Drinking coffee is associated with a reduced risk of heart failure, according to a new AI-based analysis published in Circulation Heart Failure.
The study’s authors used machine learning to explore the original data from three well-known heart disease studies: the Framingham Heart Study, the Atherosclerosis Risk in Communities Study and the Cardiovascular Health Study. At least 10 years of follow-up information were available for each of the more than 21,000 study participants.
Participants were categorized based on the number of cups of coffee they reported drinking on a daily basis. Overall, the team found that drinking one or more cups of caffeinated coffee was associated with a significant reduction in a person’s long-term risk of heart failure.
Drinking decaffeinated coffee, on the other hand, was associated with a significant increase in heart failure risk in the Framingham Heart Study.
“The association between caffeine and heart failure risk reduction was surprising,” senior author David P. Kao, MD, a cardiologist at the University of Colorado School of Medicine in Aurora, said in a prepared statement from the American Heart Association (AHA). “Coffee and caffeine are often considered by the general population to be ‘bad’ for the heart because people associate them with palpitations, high blood pressure, etc. The consistent relationship between increasing caffeine consumption and decreasing heart failure risk turns that assumption on its head. However, there is not yet enough clear evidence to recommend increasing coffee consumption to decrease risk of heart disease with the same strength and certainty as stopping smoking, losing weight or exercising.”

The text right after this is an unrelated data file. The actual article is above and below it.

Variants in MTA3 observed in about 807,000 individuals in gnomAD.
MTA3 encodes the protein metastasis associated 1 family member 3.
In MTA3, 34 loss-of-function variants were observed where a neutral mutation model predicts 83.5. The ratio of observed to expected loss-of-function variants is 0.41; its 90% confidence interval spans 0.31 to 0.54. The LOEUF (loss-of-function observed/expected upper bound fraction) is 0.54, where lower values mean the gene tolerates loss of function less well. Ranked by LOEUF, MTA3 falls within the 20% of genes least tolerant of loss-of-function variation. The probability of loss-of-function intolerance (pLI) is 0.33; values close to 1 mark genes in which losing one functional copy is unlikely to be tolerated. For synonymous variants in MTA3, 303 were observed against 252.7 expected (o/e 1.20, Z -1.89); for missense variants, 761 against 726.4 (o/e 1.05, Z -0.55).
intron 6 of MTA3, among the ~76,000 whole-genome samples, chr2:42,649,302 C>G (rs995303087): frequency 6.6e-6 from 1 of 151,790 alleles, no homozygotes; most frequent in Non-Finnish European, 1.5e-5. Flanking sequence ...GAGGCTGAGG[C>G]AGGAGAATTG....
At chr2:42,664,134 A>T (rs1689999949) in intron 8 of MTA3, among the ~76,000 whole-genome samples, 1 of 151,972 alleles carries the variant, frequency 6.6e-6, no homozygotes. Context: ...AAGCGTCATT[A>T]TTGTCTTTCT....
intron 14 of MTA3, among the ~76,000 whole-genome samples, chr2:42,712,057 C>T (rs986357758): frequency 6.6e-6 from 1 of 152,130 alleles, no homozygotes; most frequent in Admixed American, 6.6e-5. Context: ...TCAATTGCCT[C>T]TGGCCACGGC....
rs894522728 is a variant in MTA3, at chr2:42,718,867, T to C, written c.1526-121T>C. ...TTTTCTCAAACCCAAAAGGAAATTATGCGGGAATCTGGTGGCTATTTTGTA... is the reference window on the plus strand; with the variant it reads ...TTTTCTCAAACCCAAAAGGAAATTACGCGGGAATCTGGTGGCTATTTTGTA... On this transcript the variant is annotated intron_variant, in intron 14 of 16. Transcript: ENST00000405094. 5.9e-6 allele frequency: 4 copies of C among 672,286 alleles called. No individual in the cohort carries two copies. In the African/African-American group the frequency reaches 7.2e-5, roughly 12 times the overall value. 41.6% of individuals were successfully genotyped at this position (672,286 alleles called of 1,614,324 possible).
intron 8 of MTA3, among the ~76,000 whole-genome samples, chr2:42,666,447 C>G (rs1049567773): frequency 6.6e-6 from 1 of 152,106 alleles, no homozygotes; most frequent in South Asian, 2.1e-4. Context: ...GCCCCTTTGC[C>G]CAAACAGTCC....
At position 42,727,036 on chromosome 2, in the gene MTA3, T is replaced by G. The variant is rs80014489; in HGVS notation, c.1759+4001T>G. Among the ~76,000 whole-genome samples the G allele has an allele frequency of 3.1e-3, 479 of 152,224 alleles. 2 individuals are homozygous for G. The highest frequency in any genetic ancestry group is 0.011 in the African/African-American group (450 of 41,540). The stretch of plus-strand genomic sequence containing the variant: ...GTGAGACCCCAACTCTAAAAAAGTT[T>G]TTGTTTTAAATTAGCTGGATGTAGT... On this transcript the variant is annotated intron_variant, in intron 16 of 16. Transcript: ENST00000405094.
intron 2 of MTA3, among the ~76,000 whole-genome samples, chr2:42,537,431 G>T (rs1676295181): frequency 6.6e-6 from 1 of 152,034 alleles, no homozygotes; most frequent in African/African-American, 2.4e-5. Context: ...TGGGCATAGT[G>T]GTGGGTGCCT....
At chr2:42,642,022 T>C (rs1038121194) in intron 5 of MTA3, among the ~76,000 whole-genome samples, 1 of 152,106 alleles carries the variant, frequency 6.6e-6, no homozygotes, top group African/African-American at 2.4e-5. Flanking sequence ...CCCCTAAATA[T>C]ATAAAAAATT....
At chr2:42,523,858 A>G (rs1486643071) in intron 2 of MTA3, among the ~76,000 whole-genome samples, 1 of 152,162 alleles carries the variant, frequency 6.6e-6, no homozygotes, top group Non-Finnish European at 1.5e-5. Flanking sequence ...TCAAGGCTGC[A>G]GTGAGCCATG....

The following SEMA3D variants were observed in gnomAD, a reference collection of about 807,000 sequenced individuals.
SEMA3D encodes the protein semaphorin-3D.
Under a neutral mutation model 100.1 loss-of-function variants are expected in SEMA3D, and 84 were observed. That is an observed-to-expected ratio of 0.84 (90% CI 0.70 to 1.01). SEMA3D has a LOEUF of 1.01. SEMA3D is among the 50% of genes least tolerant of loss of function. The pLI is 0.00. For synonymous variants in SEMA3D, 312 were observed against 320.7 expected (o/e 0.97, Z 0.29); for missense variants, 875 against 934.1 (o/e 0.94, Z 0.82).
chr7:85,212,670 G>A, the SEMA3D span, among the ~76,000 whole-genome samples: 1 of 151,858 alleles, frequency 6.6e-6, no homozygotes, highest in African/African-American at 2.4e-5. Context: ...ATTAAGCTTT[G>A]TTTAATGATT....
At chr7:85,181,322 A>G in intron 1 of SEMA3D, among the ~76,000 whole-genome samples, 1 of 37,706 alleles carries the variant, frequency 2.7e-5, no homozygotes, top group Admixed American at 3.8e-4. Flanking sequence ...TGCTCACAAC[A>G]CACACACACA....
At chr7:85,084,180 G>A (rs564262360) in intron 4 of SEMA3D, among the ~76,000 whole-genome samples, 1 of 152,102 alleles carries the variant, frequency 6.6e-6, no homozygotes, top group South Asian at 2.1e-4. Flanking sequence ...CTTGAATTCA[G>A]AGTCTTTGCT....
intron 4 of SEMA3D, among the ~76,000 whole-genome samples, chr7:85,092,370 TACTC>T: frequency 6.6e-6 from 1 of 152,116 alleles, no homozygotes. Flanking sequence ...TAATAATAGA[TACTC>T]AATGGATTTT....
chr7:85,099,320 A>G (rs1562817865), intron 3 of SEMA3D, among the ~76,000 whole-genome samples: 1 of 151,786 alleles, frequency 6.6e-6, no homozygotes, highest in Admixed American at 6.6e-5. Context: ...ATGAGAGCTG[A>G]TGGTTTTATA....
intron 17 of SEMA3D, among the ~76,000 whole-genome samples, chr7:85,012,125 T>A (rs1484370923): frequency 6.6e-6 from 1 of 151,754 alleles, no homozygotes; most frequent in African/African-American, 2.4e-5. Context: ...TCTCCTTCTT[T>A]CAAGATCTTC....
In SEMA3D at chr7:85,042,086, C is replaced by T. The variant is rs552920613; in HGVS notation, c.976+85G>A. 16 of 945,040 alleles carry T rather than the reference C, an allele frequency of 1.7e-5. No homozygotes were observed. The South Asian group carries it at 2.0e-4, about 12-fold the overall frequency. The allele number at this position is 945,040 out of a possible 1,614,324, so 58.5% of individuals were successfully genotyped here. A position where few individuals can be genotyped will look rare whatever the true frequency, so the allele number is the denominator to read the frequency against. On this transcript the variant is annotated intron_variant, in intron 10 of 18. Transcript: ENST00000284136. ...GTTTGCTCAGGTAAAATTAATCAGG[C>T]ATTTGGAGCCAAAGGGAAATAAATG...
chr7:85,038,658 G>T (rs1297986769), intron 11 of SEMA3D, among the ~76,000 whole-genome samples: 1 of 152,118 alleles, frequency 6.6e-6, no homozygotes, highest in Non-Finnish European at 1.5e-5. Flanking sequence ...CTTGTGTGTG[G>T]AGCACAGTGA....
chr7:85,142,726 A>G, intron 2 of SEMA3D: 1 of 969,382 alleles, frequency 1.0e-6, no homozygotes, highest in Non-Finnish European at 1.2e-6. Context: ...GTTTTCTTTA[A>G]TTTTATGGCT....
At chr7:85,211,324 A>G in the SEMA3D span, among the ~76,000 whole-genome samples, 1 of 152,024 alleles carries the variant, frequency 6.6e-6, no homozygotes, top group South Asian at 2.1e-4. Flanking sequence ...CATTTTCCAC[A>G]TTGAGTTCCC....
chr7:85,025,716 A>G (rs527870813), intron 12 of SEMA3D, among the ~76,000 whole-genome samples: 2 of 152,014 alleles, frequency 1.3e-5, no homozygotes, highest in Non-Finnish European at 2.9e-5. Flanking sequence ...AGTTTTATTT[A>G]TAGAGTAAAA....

“The risks and benefits of drinking coffee have been topics of ongoing scientific interest due to the popularity and frequency of consumption worldwide,” added Linda Van Horn, PhD, professor at the Northwestern University Feinberg School of Medicine in Chicago and a member of the AHA’s Nutrition Committee. “Studies reporting associations with outcomes remain relatively limited due to inconsistencies in diet assessment and analytical methodologies, as well as inherent problems with self-reported dietary intake.”
The full AI-based analysis can be read here.
Click here to read about another recent study looking at coffee consumption and patient outcomes.